What keeps me writing poetry specifically is the challenge of using and reinventing poetic structures and devices. And the delight of language. The possibilities of language. The surprise and the music and the restless entangling with. The political inquiry that is also about a hippopotamus. Perhaps. Finally, or really first of all, emotional—I write to see myself and others a bit better, to be a bit better, to live a bit more deliciously. I write to grow up but also to stop growing up in the boring adult ways of getting better at pointless conversations and caring about institutionally recognized and supported forms of “success.” I write to grow out of being that kind of adult. I want a different adulthood. I mean: when I grow up I want to be a witch who lives in Venice, but without Rumpelstiltskin.
You're going to be a mentor in Adroit's 2017 Mentorship Program this year (!) What is some advice you would give as a mentor/teacher to young writers?
Write your heart out and then write it out again and then make a whole new heart and write that out and then put a basket of balloons in there and see what happens and then write your constellation of hearts out. But I mean, take breaks when you need to. Recharge. You don’t need to write every day…unless you need to write every day. The important thing is: make the time. Sit or stand or lie down, I don’t know what works for
you, but find out what works for you. The important thing is: get comfy. If being uncomfy is your thing, then okay, but you might develop back problems. The important thing is: you’re going to need a basket of balloons.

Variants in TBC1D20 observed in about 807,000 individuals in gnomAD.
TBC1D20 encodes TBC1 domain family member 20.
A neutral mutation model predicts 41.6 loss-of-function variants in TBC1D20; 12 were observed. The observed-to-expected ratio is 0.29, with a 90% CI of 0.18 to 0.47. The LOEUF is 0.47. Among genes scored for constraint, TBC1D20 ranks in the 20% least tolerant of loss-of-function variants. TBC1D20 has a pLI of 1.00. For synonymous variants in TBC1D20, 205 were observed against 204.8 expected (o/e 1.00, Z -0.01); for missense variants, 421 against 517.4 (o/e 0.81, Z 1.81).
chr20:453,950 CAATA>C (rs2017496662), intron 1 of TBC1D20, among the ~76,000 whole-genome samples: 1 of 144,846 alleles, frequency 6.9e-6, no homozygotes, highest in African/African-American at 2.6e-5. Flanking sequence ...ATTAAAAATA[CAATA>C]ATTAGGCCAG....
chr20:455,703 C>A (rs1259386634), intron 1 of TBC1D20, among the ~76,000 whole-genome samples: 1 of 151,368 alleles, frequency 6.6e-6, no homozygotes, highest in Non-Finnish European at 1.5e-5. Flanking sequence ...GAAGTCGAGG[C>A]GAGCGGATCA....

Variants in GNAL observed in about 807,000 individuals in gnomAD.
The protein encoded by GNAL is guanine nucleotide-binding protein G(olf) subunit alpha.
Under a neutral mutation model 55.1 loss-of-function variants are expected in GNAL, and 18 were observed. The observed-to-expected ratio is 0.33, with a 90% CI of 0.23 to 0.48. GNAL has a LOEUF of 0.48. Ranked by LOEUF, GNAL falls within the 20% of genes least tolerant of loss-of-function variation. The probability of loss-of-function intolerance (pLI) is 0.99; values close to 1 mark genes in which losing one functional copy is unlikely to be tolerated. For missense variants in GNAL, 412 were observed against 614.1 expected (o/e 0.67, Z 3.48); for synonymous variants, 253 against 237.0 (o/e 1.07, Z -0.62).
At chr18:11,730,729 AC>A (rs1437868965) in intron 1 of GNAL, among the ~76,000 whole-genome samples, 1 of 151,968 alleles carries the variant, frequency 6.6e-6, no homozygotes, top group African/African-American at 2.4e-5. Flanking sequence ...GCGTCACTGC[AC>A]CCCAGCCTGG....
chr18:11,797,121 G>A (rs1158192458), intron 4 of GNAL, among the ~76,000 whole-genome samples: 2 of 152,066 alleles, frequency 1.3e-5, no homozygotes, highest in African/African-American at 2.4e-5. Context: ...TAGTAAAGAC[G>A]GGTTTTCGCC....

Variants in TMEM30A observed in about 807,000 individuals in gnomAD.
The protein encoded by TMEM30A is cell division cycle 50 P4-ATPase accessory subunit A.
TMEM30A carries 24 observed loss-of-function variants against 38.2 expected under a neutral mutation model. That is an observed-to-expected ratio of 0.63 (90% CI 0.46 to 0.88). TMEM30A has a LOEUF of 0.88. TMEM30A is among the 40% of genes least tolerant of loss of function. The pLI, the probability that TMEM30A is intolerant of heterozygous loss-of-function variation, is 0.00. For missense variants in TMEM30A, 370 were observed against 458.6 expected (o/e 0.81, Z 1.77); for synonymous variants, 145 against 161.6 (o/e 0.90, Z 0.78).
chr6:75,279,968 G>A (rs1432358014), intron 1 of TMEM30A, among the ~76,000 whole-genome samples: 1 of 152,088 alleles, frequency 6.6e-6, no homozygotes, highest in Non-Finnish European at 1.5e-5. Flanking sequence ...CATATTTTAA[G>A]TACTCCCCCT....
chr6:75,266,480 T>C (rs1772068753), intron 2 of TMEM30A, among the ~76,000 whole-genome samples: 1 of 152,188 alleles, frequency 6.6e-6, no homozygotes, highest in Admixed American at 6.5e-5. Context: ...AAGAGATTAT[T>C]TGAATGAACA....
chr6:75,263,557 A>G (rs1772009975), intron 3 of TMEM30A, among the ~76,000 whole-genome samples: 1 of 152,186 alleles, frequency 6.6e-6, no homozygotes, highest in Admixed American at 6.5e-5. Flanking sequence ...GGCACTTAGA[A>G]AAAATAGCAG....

On your Twitter, you talk about the need to incorporate the voices of POC into the curriculum, rather than filling up a classroom with white poets. Moving forward, what do you think writers of color can do to ensure that their voices are being heard?
Since you mention the classroom, I’m coming at this question from an academic setting. I recognize, though, that this is, of course, not the only setting or site of struggle for writers of color. I hope some of my advice here might be useful in other contexts. Tell your colleagues and tell the administrative folks what you need. Insist on what you need (for example, everyone should teach work by writers of color, not just in classes designated ______ studies). Demand and agitate. Negotiate but know what you cannot compromise on. But also: understand that predominantly white institutions (schools, programs, journals, reading series, retreats) will only go so far to support and amplify your voices.